Historical Content Note: The following material is reprinted from publications from throughout Fermilab's history. It should be read in its original historical context.

Summer Intern Program is a Historic Success

Fermilab has been investing in the futures of bright, qualified scientists for nearly 20 years, through its Summer Internship in Science and Technology Program. Administered by the Fermilab Equal Opportunity Office (EOO), the Program brings promising minority undergraduates in physics, engineering, and computer science to the Lab each summer.

Students spend 11 weeks at the Lab, working with a supervisor on an on-going research project. The supervisor may assign an individual project or a small piece of a larger research project. Finley Markley (TS/Engin.), chairman of the Program committee, emphasized that whatever the students work on must contribute positively to their education. "We expect the students to be productive and help ful in their program," said Markley, "but we also expect the reverse. That is, the supervisor should also be helpful and productive in the students' efforts to acquire some knowledge about science. We want them to participate in a research project."

In addition to the research project, students attend weekly lectures and prepare a final paper and presentation based on their project Dianne Engram, of the EEO, sees the lecture series as particularly beneficial. Each lecture addresses a different area of research taking place at the Lab. "While they're here," said Engram, "they're not just exposed to the one area that they work in, but throughout the ten weeks they get a fuller understanding of the scope of the research at a laboratory of this size." Markley added that the final presentation and paper are also very important aspects of the program. "Both the paper and the oral presentation give students some experience doing the kinds of things they're going to have to do during their professional lives."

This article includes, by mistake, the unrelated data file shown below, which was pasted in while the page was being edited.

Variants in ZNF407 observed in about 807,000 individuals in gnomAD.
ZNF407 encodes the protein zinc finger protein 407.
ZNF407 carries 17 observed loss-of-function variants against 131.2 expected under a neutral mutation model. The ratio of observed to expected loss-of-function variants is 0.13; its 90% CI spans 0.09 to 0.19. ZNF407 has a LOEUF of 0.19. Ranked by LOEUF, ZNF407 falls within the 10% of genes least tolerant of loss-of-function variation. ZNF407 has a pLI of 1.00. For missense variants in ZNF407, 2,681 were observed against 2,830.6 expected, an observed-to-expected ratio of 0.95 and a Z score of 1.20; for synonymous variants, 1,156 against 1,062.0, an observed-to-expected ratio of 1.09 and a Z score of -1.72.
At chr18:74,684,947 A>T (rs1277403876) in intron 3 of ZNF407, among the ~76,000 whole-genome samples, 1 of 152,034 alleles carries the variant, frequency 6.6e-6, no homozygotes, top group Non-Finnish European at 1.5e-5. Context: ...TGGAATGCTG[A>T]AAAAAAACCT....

Aggressive recruiting ensures that the top students participate in the program each summer. A committee of approximately seven Fermilab staff visit campuses across the country every fall and winter, interviewing students recommended by their departments. Committee members target schools with high minority enrollments throughout the nation and Puerto Rico. But, as Markley points out, if the committee hears of a single interested and qualified student at a particular university, "we will still certainly try to make contact We'll do whatever is necessary to find good students."

Jim Davenport, Chairman of the Physics Department and Professor of Physics at Virginia State University, coordinates the Summer Internship Program. Davenport has been involved in the program since its beginning in 1970. In addition to advising students on educational and scientific issues, he serves as a link between students and their supervisors, and recruits Fermilab staff to give the weekly lectures. As a member of the program committee, Davenport also recruits new students in his area of the country.